(WOMENSENEWS)--As we mark the 30th anniversary of the first U.S. published reports of AIDS this weekend, the Centers for Disease Control and Prevention warns against complacency in the face of a scourge that afflicts over a million Americans.
"Thirty years later, the sense of crisis has waned, but our resolve to end the epidemic simply cannot," the CDC's director, Dr. Tom Frieden, said in a June 2 press statement.
Most infections are now among people under 30, Frieden says, describing that group as "a new generation that has never known a time without effective HIV treatments and who may not fully understand the significant health threat HIV poses."
Men who have sex with other men are disproportionately affected--they're 2 percent of the population, according to the CDC, but more than half of all new infections in the U.S.
The days of this being a man's disease, however, are long gone and women are increasingly at risk.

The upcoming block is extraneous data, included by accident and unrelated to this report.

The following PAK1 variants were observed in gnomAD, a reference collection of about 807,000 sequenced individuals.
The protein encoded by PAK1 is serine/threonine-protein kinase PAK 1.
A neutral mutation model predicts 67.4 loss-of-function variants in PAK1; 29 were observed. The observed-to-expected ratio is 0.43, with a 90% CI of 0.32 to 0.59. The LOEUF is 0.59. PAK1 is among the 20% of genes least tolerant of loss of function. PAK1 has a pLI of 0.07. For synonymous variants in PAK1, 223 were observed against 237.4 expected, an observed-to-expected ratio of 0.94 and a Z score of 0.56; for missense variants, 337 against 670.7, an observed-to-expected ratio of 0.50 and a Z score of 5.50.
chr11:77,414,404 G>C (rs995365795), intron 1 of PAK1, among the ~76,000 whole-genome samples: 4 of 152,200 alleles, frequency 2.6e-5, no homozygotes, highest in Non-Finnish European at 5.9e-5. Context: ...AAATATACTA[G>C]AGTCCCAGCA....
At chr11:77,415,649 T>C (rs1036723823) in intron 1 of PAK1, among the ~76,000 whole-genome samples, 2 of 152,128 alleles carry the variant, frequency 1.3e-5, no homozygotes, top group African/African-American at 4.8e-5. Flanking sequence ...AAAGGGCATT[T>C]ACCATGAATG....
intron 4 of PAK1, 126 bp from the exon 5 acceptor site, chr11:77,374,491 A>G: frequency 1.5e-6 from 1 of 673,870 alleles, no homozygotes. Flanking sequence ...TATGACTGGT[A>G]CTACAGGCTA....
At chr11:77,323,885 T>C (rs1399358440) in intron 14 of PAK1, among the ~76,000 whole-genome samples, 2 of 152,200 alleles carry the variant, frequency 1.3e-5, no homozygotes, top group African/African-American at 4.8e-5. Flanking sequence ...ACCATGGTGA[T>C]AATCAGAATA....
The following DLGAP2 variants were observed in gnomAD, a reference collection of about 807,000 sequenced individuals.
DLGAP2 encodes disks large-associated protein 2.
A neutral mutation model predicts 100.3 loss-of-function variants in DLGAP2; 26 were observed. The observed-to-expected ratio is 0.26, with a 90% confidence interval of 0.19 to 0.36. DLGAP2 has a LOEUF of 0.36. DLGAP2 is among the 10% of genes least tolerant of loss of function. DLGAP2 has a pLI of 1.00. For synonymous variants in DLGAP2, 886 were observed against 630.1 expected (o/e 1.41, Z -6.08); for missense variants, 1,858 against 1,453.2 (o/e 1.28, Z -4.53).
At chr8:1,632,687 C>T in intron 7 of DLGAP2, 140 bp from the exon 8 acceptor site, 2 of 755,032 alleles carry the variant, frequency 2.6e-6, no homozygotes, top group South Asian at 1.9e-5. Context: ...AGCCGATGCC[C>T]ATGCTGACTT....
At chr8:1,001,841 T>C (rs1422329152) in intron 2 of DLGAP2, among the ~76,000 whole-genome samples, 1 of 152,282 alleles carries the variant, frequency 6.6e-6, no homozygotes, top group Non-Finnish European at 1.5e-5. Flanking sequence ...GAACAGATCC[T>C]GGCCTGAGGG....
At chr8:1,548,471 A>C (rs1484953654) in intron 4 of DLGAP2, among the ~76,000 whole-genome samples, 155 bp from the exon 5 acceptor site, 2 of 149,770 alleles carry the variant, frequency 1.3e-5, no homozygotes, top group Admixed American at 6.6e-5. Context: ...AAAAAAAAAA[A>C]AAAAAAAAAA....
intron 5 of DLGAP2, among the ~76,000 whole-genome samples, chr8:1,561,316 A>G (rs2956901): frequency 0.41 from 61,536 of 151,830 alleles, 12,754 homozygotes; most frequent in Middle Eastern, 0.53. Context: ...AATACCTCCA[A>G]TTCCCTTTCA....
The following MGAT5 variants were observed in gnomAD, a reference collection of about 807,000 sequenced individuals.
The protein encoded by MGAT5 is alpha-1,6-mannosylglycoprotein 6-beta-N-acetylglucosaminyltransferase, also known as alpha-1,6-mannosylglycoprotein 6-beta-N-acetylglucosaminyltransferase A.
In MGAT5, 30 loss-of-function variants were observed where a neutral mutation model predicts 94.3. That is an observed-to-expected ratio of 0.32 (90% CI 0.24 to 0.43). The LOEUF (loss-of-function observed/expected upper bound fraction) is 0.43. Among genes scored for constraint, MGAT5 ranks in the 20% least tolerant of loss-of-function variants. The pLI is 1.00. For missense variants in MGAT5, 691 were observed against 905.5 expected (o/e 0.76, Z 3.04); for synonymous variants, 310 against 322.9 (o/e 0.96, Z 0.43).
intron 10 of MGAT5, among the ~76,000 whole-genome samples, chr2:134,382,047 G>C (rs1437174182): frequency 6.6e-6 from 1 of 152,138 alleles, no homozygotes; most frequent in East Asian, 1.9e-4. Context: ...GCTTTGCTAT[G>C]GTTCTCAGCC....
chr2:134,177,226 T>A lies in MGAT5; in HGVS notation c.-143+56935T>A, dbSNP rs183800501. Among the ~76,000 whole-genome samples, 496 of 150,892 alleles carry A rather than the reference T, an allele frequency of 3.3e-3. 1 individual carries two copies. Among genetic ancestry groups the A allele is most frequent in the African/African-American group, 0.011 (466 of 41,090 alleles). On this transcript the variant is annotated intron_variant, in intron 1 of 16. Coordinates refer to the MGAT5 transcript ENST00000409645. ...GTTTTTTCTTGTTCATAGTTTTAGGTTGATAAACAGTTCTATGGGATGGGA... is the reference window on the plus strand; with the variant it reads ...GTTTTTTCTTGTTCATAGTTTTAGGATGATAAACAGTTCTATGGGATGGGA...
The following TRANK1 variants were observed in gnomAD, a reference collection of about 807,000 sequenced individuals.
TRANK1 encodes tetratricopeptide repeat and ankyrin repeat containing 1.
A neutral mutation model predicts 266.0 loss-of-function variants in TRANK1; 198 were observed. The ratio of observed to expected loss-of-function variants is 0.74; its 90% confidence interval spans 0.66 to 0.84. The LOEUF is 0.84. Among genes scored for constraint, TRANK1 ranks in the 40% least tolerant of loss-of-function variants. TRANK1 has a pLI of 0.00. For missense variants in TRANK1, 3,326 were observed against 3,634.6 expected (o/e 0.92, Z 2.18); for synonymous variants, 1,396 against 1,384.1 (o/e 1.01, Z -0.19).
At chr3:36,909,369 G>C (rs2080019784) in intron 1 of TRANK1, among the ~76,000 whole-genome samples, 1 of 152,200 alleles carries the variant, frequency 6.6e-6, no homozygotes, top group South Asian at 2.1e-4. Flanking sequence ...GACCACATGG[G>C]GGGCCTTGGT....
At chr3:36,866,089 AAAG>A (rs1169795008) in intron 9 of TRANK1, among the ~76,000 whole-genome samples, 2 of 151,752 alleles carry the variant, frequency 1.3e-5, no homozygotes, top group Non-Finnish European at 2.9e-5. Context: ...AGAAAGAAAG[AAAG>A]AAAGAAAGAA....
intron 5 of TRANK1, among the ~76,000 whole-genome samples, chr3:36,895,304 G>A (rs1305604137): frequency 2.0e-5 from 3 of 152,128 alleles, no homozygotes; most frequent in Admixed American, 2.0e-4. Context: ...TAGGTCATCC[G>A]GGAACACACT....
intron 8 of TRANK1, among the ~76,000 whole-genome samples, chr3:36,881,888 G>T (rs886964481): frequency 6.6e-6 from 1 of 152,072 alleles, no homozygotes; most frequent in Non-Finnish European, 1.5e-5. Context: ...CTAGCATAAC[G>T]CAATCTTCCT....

For black women, the danger is pronounced, with rates of transmission nearly 15 times as high as that of white women, and nearly four times that of Hispanic women, according to the governmental health authority.
The disease has claimed 500,000 American lives and millions worldwide, according to the CDC.
Medication Extends Life
Currently, more than 1.1 million people in the United States live with HIV. That large number is a tribute to medication that allows those with HIV to live longer, but Frieden warns that as this number increases, so does the risk of HIV transmission.
"Far too many Americans underestimate their risk of infection or believe HIV is no longer a serious health threat, but they must understand that HIV remains an incurable infection. We must increase our resolve to end this epidemic," he said in the statement.
The CDC says it is ramping up prevention efforts. In conjunction with other government agencies it is implementing 12 demonstration projects in hard-hit areas across the country.
"More people know their HIV status and protect others from infection," Frieden said.
A pill containing drugs to treat HIV is being actively researched as a means of prevention for high-risk groups, and in November 2010 the CDC said the findings of a large study raised hope of the pill's effectiveness in men.
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Corinna Barnard is editor of Women's eNews.
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